The benefits of using cumaru wood for decking include its hardness, stiffness and its durability. Cumaru is also very resistant to insect damage and decay, which makes it ideal for outdoor use. An alternate name for the wood is Brazilian teak.Continue Reading
Cumaru is one of the hardest woods known. It has a rating of 3,330 pounds of force on the Janka hardness scale and a crushing strength of 13,850 pounds of force per square inch. It can stand 25,390 pounds of force per square inch before it ruptures.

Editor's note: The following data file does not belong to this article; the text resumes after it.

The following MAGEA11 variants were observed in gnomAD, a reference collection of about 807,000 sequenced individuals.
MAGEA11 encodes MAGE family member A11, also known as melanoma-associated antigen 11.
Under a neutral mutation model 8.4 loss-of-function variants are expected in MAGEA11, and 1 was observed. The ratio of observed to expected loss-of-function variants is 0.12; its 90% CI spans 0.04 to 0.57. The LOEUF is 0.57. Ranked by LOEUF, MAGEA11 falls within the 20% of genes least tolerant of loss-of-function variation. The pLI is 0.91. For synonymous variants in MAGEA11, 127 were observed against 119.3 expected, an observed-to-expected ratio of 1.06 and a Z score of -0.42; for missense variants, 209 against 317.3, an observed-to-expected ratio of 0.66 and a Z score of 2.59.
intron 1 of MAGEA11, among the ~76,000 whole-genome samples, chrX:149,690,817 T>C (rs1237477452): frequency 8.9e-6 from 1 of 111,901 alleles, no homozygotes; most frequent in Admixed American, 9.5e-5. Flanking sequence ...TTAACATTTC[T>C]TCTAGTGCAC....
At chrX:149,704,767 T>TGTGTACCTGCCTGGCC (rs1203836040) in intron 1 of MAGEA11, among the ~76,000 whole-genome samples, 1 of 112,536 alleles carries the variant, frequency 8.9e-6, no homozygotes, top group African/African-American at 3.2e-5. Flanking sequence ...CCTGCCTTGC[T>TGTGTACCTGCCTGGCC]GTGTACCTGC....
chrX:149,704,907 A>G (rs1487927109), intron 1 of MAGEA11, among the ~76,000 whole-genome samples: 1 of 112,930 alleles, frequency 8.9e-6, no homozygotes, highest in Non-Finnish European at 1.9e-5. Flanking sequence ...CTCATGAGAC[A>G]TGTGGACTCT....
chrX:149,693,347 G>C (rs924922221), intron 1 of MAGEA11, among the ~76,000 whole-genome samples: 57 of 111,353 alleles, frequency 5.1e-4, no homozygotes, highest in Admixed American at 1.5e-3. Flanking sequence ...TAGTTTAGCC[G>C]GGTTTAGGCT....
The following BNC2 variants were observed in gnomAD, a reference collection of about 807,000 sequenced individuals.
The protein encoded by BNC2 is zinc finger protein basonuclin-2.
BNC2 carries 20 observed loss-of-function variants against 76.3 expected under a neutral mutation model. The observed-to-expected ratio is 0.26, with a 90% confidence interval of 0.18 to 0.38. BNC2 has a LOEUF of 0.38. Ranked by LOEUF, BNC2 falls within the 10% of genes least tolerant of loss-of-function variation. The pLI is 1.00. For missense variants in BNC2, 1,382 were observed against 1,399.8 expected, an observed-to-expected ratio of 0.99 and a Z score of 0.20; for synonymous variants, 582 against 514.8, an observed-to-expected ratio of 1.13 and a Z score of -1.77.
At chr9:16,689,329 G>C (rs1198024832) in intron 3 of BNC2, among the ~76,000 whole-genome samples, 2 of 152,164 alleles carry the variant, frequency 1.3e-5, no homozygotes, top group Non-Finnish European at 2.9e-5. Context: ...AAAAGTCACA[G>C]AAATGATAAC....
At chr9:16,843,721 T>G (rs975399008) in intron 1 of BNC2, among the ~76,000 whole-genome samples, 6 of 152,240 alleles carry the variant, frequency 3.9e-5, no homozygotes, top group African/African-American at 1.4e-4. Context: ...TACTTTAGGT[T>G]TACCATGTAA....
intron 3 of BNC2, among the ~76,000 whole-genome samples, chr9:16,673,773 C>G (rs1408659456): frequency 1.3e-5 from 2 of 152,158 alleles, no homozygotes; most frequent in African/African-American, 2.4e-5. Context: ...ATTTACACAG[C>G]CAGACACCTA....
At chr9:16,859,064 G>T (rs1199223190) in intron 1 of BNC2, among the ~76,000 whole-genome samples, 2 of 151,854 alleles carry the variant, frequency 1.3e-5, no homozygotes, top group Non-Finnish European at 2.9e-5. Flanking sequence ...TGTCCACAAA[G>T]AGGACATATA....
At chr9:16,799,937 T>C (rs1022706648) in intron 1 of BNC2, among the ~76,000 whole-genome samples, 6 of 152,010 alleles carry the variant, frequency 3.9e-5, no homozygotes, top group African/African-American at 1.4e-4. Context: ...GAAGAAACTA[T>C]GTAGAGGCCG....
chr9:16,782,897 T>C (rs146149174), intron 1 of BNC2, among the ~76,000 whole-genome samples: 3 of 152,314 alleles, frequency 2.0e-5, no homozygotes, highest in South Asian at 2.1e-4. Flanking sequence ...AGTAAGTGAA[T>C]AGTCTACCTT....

Cumaru's brown heartwood often has tints of red or purple and has an interlocked grain. This means the fibers in the wood form a left- and then a right-handed spiral that alternate every few years of its growth. Like real teak, cumaru weathers in a pleasing way over time. It is also non-toxic and gives off a subtle vanilla or cinnamon smell when it is sawn.
Even though the wood is native to South America and needs to be imported, it is relatively inexpensive. The tree, dipteryx odorata, is not endangered and the wood's sustainability is good.
The one drawback with cumaru is that its hardness and stiffness makes it difficult to work with.Learn more about Carpentry